But even when the Bruins haven’t gone the distance, Thomas has been stellar. He sported a league-leading 1.85 goals-against average in 11 games for the Bruins in 2009. Bruins fans hope to see the Flint, Mich., native turn his game around sooner rather than later, but they should maintain their faith that Thomas will be in top form come April.
Super sophomores — Tyler Seguin set the world on fire with his record-setting, four-point period against the Lightning in Game 2 of the Eastern Conference finals, but the rookie did little beyond that the rest of the way. Many believed Brad Marchand’s rookie season and electric playoff run were a fluke. Bad news for the rest of the East: Seguin is light-years better in his sophomore season, and Marchand’s more than proven he’s no flash in the pan.
Alongside center Patrice Bergeron, the three have formed what should be considered one of the top lines in hockey. With Bergeron’s strong work along the boards and unrivaled faceoff prowess, Seguin’s scintillating sniping abilities and Marchand’s perfect blend of skill and tenacity, no one has been able to stop the trio in the first three-quarters of the season. Don’t bet on that changing when the playoffs roll around.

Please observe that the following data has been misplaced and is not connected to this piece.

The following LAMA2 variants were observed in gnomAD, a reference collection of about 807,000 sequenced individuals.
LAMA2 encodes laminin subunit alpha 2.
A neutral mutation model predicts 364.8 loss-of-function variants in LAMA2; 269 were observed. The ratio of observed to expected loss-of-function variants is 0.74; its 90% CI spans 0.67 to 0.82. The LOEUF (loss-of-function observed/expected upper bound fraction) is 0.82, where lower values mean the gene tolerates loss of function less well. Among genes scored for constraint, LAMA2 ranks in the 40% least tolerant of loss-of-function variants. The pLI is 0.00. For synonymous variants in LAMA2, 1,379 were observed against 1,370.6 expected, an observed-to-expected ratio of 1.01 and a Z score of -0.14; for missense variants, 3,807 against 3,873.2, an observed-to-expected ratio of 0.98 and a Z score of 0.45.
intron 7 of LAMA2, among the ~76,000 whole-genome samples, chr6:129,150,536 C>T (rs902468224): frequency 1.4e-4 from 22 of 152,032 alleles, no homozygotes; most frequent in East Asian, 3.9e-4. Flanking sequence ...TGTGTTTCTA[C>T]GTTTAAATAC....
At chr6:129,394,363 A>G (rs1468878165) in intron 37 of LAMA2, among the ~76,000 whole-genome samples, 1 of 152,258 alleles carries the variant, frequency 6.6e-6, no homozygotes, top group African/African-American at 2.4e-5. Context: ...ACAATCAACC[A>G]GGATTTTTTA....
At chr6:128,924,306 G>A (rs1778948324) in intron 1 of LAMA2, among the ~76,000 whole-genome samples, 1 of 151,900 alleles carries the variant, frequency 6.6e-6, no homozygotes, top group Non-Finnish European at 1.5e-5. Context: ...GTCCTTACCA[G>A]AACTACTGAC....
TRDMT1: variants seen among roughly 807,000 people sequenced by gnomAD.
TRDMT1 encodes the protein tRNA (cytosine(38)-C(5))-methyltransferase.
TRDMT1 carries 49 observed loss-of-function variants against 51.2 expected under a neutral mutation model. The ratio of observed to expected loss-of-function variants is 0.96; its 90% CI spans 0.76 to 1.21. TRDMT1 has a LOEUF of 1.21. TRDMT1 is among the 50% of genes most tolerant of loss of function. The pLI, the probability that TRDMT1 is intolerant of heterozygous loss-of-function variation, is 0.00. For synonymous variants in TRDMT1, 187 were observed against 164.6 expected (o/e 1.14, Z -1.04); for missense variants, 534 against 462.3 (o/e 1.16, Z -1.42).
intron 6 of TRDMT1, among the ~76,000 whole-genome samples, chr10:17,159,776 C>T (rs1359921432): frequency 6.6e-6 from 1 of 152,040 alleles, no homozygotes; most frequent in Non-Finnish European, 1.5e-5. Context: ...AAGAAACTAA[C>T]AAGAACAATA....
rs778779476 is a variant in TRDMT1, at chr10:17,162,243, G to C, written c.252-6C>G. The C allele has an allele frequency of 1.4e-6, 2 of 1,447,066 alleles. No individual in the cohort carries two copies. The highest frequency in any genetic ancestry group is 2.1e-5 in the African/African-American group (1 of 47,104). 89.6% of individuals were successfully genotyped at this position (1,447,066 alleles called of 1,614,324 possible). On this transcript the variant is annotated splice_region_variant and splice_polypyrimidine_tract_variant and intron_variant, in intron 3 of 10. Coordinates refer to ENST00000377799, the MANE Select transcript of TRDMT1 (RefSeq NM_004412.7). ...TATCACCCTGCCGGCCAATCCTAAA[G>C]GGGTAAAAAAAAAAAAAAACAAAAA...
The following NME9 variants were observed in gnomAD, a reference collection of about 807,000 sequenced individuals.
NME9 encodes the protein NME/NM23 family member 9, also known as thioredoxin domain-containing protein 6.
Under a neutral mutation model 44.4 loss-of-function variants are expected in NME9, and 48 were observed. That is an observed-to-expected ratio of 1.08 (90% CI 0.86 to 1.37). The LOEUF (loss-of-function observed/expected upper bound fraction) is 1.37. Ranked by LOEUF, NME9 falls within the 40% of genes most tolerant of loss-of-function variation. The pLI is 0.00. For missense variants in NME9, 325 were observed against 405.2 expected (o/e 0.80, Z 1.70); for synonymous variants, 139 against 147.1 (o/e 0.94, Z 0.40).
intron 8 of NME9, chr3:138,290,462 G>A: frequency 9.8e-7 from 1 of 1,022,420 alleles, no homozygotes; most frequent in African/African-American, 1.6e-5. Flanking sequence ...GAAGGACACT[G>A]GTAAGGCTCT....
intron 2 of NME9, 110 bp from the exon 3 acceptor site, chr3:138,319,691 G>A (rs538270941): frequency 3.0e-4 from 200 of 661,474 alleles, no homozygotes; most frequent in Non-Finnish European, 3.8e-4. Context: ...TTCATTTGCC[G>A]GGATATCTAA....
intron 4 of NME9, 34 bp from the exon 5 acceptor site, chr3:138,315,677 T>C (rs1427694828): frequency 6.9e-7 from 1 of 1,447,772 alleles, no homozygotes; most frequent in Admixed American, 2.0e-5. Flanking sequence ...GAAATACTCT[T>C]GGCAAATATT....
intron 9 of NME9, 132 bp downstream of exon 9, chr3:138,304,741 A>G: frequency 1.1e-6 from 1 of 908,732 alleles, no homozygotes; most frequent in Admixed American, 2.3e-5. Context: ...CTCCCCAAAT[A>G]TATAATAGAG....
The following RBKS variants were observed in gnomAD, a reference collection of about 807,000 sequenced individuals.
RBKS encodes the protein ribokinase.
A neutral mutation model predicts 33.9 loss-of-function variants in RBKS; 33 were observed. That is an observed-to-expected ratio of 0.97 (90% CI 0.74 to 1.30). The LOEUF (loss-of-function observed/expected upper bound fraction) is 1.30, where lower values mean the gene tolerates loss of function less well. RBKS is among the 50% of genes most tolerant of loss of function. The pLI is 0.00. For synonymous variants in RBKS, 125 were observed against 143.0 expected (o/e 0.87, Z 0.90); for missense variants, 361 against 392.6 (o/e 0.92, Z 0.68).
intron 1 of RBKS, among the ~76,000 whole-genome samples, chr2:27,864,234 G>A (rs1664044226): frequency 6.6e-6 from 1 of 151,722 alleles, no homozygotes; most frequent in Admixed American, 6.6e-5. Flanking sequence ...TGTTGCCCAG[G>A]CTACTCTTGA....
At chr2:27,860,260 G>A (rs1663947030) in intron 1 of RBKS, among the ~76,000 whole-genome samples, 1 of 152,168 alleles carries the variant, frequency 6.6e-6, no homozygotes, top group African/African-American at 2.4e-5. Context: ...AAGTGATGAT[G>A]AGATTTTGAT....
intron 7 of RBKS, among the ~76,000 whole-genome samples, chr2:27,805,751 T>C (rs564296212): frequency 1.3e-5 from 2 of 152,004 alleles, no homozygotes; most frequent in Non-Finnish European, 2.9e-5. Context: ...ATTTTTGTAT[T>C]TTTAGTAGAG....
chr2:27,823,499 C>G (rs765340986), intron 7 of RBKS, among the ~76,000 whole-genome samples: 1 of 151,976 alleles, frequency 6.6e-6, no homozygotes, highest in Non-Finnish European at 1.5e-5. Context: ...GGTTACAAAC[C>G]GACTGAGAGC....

Built for playoffs — Is the old adage that defense wins champions 100 percent true? Not quite, but the shift that the game undergoes from the regular season to the postseason certainly is advantageous for a club built the way the Bruins are. With penalties down and hits being doled out by the bushel, there’s a reason teams such as the Canadiens and Sabres — chock full of talent but severely lacking in the size department — haven’t been able to reach the final round of the postseason in more than a decade.